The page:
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Curr Top Dev Biol. 2012;98:173-98. doi: 10.1016/B978-0-12-386499-4.00007-0.

A dynamic network of morphogens and transcription factors patterns the fly leg.

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Department of Biochemistry and Molecular Biophysics, Columbia University, New York, New York, USA.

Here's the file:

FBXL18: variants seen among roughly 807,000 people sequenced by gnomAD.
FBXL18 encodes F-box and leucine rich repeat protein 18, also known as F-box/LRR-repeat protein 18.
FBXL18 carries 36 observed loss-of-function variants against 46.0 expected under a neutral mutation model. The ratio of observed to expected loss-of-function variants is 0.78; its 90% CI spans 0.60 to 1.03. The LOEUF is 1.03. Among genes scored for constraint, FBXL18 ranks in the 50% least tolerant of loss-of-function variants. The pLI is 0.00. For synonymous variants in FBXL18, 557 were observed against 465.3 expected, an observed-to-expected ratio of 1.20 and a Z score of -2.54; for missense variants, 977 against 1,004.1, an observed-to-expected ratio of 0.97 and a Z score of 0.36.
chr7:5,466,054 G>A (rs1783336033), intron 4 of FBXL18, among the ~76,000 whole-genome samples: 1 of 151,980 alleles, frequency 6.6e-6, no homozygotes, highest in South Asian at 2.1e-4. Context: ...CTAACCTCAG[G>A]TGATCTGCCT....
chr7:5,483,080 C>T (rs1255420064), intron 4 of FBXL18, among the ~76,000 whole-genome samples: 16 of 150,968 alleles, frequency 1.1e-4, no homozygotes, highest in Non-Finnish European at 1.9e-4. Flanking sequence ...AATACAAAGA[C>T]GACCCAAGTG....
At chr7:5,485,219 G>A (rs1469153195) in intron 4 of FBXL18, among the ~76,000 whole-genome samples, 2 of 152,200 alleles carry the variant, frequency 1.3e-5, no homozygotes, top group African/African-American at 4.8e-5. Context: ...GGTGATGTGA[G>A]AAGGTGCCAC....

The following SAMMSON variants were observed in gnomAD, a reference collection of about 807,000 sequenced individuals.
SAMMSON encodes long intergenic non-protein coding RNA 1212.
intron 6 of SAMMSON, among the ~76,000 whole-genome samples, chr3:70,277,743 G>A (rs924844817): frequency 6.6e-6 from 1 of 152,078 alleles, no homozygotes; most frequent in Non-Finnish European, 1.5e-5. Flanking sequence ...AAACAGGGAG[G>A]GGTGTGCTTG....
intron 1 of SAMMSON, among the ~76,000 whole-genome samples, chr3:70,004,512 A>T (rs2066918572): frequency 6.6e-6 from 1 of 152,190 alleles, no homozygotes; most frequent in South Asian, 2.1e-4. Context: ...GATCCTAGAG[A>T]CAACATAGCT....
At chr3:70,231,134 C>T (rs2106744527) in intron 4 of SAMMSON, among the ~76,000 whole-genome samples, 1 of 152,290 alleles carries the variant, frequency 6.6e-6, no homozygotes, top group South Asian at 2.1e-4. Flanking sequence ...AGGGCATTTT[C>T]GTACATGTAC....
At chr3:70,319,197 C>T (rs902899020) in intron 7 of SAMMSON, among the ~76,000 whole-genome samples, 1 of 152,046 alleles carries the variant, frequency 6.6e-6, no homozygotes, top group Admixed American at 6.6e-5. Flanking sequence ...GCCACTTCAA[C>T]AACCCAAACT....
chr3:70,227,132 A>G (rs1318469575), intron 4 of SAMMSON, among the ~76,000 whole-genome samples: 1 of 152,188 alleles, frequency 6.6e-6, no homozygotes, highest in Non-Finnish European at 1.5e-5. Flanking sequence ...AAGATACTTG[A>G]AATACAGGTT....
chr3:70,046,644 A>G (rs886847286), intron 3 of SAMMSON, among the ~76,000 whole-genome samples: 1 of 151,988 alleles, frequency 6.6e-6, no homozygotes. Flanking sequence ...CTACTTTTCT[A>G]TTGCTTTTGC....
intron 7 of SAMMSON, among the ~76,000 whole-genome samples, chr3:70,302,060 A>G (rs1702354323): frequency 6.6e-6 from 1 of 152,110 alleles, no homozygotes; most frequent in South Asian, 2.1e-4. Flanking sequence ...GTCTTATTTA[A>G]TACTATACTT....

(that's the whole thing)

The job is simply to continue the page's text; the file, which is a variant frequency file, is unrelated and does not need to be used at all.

Animal appendages require a proximodistal (PD) axis, which forms orthogonally from the two main body axes, anteroposterior and dorsoventral. In this review, we discuss recent advances that begin to provide insights into the molecular mechanisms controlling PD axis formation in the Drosophila leg. In this case, two morphogens, Wingless (Wg) and Decapentaplegic (Dpp), initiate a genetic cascade that, together with growth of the leg imaginal disc, establishes the PD axis. The analysis of cis-regulatory modules (CRMs) that control the expression of genes at different positions along the PD axis has been particularly valuable in dissecting this complex process. From these experiments, it appears that only one concentration of Wg and Dpp are required to initiate PD axis formation by inducing the expression of Distal-less (Dll), a homeodomain-encoding gene that is required for leg development. Once Dll is turned on, it activates the medially expressed gene dachshund (dac). Cross-regulation between Dll and dac, together with cell proliferation in the growing leg imaginal disc, results in the formation of a rudimentary PD axis. Wg and Dpp also initiate the expression of ligands for the EGFR pathway, which in turn induces the expression of a series of target genes that pattern the distal-most portion of the leg.

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